Swine tuberculosis is rare today, being the most common the Mycobacterium avium complex. It causes nodules in the lymph nodes of the neck resulting in the seizure of carcasses at the slaughterhouse.
Alternative names: TB, Mycobacterium tuberculosis, Mycobacterium avium, Mycobacterium bovis
Tuberculosis affects mammals, including humans, and birds. The causative organism, Mycobacterium tuberculosis, is subclassified into several types, human, bovine and avian. The avian type is called M. avium (or M. avium complex) which itself affects mainly birds but is also found in the environment. Pigs rarely become infected with the human types (M. tuberculosis) or bovine (M. bovis) but are often infected with M. avium complex.
The complex also causes not progressive sub-clinical illnesses in healthy people. The main concern is that it could cause serious illnesses in inmunodepressed people. In most countries, when in the slaughterhouse are seen lesions in the neck, the head is confiscated and, if lesions are found in the mesenteric lymph nodes that drain into the intestines, viscera are confiscated. If the disease is more widespread in the body, which is rare, the whole carcass will be confiscated. If small lesions are not detected during the inspection, normal cooking in the kitchen destroys the organism.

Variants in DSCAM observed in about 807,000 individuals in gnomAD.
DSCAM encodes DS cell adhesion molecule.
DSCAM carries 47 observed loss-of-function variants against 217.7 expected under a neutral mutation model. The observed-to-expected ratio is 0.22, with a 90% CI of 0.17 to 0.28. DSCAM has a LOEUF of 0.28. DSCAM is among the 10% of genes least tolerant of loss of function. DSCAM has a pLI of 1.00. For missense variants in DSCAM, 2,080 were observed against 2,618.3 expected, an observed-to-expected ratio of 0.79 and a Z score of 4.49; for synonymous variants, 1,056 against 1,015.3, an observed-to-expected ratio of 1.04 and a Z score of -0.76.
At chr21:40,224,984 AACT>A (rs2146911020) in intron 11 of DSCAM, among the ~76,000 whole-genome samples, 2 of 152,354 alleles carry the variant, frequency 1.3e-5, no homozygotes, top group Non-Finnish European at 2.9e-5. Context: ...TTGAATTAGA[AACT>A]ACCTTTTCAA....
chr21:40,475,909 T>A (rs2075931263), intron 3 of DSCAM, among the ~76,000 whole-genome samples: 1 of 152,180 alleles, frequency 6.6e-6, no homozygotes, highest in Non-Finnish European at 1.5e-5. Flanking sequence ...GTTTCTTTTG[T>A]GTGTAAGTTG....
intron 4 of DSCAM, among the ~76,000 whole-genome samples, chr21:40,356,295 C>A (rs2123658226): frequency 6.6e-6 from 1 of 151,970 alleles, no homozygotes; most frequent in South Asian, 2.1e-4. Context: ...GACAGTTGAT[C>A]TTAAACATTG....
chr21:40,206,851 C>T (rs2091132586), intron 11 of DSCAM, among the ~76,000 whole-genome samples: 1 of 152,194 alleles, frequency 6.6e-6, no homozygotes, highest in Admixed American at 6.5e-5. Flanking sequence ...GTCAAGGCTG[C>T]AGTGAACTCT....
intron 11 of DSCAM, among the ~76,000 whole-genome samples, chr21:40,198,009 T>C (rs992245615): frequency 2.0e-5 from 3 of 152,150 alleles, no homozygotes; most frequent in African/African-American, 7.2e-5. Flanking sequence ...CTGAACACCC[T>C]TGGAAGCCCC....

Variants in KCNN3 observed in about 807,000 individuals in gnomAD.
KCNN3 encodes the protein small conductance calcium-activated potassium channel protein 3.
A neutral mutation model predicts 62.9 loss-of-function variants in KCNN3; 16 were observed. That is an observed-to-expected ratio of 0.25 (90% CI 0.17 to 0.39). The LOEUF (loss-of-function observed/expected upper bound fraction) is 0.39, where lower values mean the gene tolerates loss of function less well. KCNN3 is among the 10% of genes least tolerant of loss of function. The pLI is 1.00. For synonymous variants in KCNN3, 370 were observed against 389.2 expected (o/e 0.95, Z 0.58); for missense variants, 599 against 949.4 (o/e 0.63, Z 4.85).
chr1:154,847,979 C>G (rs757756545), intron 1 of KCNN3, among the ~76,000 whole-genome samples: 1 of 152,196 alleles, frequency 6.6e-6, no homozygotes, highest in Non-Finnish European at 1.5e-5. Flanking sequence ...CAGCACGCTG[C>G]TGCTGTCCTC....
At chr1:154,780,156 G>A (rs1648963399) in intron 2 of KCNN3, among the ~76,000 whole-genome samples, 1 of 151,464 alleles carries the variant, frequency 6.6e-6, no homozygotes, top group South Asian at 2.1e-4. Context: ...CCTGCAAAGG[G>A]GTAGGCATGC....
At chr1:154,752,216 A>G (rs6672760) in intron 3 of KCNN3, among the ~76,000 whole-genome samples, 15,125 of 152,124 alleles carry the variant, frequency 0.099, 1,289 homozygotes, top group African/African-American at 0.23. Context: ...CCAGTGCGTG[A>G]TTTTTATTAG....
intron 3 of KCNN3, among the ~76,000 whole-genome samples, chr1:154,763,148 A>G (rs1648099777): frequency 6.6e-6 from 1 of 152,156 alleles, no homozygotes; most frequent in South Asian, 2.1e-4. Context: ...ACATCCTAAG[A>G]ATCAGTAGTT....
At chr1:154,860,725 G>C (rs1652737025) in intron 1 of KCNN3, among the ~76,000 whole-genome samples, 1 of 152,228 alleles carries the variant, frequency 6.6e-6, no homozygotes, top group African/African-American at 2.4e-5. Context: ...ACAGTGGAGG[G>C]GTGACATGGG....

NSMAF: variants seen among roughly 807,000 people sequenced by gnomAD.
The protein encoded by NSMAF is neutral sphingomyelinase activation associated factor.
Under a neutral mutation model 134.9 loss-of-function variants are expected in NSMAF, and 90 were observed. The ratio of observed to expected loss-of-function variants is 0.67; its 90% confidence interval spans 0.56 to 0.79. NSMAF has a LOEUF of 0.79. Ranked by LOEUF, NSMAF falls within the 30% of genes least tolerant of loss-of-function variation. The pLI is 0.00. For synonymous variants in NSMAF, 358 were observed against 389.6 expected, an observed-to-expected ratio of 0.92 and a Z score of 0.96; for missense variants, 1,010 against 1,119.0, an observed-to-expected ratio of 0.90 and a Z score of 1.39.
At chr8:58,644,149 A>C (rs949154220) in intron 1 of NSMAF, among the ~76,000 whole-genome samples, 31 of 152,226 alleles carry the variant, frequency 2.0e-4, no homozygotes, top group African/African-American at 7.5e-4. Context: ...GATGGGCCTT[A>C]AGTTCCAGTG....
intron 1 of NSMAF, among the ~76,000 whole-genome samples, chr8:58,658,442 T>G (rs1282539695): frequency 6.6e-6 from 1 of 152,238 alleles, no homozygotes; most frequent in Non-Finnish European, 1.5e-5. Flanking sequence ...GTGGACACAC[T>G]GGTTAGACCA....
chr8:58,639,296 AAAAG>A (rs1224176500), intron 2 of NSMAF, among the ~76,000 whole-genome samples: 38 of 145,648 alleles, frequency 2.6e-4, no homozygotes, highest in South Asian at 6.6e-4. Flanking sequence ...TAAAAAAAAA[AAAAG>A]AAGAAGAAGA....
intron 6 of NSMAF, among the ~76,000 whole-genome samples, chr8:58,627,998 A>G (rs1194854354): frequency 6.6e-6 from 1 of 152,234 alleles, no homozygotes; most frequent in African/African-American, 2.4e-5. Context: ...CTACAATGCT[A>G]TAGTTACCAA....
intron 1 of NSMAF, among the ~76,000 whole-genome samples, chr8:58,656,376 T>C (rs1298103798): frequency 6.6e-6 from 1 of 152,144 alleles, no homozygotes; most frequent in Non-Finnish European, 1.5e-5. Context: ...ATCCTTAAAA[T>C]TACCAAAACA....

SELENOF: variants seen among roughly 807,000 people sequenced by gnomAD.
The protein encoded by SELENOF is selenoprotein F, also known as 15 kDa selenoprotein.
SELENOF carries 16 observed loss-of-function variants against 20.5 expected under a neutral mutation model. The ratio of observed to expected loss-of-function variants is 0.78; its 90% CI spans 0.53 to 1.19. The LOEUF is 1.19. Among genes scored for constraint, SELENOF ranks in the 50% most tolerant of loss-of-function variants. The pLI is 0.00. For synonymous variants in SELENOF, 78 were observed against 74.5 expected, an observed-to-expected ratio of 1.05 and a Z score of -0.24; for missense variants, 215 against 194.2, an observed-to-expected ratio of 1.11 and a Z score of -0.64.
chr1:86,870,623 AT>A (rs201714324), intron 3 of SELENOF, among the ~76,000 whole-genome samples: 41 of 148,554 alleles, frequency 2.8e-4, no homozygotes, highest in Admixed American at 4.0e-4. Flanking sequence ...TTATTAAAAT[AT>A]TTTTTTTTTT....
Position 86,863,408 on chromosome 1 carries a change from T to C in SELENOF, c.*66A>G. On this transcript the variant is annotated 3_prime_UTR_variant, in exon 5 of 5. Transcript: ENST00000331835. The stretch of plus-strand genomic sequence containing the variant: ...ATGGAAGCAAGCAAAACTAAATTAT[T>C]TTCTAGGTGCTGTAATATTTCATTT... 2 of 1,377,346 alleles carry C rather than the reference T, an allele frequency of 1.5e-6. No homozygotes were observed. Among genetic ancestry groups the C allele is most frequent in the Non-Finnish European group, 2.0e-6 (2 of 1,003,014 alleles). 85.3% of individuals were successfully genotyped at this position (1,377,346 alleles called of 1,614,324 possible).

- It causes small lumps in the lymph nodes of the neck and those that drain into the small intestine.
- In the vast majority of cases the lesions are not progressive, they do not spread through the body, do not cause the pig to get sick and are not excreted.
- There are no clinical signs and no difference in production between infected and uninfected pigs.
Causes / Contributing Factors
- The disease is not transmitted between pigs and it should be considered an environmental infection. It is rarely diagnosed in live pigs.
- Fields that have been treated with chicken manure as a year before (or, in the case of bovine tuberculosis form, fields having infected cattle or badgers).
- The avian tuberculosis, as its name suggests, is found in wild birds. The organism is excreted in large quantities in their excrements and therefore food, cereal, water or bed contaminated by birds, are a potential source of disease.
- Water contaminated with M. avium is a common source of contamination.
- In live pigs the diagnosis is based on the tuberculin skin test, but usually the producer realizes that the disease is present in his farm when he receives the list of the percentage of seizures in the slaughterhouse.
- There is no treatment.
- Eliminate feed and contaminated bed.
- Eliminate access of birds to pigs’ areas.
- Use water chlorination.